“As long as they are electronic — which they are — smartwatches are, for me, not to be considered as a watch,” Raynald Aeschlimann tells me.
We are sitting in the Omega Chalet, an aggressively air-conditioned hospitality tent overlooking the 18th green at Charlotte’s Quail Hollow Club, host of the 2017 PGA Championship. The President and CEO of Omega since June 2016, Aeschlimann is reiterating to me a stance espoused by his predecessor, Stephen Urquhart, who bossed the Swiss company for 17 years: Omega is in the business of mechanical watches, which means they are expressly not in the business of smartwatches.
“A watch has a history,” he continues. “A watch has emotion. Even if you put it in a drawer, the day you take it out, it remembers you. And electronic has no soul, has no emotion. So, I'm very clear on [the question of Omega releasing a smartwatch]: No. But that doesn’t mean that we cannot have some evolution of our watch.”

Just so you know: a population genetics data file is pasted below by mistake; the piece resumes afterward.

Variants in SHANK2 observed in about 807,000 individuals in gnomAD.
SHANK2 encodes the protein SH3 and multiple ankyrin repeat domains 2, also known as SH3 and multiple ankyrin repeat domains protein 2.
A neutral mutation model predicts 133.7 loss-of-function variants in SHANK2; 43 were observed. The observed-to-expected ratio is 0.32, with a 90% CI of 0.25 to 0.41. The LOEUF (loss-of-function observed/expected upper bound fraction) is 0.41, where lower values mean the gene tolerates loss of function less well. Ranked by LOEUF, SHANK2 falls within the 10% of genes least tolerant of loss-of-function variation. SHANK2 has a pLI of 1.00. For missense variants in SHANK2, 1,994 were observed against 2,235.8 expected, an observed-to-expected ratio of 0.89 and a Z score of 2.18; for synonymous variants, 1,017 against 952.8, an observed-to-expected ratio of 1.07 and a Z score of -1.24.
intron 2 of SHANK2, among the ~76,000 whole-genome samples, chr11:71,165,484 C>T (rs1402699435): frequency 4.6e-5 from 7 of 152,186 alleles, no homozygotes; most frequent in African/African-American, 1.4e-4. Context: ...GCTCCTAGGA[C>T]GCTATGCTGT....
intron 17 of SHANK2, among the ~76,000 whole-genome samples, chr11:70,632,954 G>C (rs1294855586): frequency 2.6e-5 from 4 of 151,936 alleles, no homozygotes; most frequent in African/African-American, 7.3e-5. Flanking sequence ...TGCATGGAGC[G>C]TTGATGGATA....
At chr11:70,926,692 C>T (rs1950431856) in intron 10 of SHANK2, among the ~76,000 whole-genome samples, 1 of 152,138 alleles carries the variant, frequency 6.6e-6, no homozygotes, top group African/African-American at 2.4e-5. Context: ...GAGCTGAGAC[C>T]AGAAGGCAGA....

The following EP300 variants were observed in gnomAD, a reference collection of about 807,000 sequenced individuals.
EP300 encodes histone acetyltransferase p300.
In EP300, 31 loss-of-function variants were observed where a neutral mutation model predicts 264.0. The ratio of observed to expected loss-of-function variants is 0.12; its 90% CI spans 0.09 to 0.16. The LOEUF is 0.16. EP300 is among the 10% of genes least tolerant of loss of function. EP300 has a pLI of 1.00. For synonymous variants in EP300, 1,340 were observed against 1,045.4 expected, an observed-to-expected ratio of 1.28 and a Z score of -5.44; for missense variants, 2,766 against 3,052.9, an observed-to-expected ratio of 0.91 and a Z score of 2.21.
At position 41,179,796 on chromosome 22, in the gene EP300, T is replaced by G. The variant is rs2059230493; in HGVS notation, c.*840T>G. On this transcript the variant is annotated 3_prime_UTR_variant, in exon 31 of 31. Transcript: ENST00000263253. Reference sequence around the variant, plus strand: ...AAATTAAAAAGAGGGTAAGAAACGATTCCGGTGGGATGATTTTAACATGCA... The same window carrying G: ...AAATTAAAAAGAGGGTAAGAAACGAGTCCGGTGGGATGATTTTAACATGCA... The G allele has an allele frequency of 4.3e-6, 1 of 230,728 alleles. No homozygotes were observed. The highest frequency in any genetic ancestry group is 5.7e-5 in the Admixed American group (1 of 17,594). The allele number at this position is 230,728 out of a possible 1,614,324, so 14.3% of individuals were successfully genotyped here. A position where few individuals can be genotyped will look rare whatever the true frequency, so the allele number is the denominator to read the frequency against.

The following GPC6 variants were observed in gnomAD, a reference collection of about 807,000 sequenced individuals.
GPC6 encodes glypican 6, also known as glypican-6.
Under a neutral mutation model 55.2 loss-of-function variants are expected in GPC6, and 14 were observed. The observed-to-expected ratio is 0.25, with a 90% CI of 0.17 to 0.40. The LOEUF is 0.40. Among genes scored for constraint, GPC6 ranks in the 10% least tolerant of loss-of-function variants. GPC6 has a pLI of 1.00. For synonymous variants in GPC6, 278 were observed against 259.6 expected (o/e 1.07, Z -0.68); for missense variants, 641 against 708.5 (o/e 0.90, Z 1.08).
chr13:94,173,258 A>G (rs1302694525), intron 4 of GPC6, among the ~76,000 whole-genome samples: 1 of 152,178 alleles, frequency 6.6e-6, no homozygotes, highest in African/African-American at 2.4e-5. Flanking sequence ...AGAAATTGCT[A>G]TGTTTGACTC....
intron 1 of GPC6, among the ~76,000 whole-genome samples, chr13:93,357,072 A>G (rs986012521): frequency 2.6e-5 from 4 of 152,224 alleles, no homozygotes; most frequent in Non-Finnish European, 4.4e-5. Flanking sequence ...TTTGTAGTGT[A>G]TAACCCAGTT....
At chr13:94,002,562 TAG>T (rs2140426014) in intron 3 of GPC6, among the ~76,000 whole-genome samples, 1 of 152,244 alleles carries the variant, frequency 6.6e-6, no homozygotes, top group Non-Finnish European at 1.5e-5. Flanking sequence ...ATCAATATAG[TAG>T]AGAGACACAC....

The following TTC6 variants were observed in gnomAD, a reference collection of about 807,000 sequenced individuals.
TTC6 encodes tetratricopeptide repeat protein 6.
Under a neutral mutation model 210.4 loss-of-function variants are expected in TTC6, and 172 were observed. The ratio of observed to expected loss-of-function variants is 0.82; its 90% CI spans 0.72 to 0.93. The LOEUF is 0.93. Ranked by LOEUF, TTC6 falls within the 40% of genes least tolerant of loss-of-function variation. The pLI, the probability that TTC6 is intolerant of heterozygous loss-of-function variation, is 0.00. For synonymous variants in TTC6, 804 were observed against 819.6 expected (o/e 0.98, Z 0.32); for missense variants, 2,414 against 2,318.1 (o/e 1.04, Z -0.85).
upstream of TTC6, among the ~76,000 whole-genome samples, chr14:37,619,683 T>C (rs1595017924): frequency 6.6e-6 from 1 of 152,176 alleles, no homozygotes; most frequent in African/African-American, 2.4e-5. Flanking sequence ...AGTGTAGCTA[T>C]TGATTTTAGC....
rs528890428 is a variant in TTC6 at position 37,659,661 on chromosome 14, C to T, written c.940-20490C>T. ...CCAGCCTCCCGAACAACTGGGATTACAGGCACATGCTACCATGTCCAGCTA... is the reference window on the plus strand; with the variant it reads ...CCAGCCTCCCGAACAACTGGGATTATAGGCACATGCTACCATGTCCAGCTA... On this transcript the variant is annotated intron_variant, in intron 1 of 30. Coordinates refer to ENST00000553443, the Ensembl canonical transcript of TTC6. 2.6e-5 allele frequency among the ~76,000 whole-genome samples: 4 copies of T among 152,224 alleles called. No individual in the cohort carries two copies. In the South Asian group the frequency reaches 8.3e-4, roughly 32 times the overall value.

Which brings us to the multimillion-dollar question(s): How does a company that has long since mastered its craft — building precise, enduring mechanical watches — evolve? Stay relevant? Capture the attention (and disposable income) of a generation of people raised on smartphones and Snapchat?
For Mr. Aeschlimann, it’s simple: you innovate. Sure, no one is going to reinvent the Swiss movement, but subtle adjustments can better optimize it for a plugged-in world and the people who inhabit it. And Omega, perhaps more than any other luxury watchmaker, is at the fore of that initiative.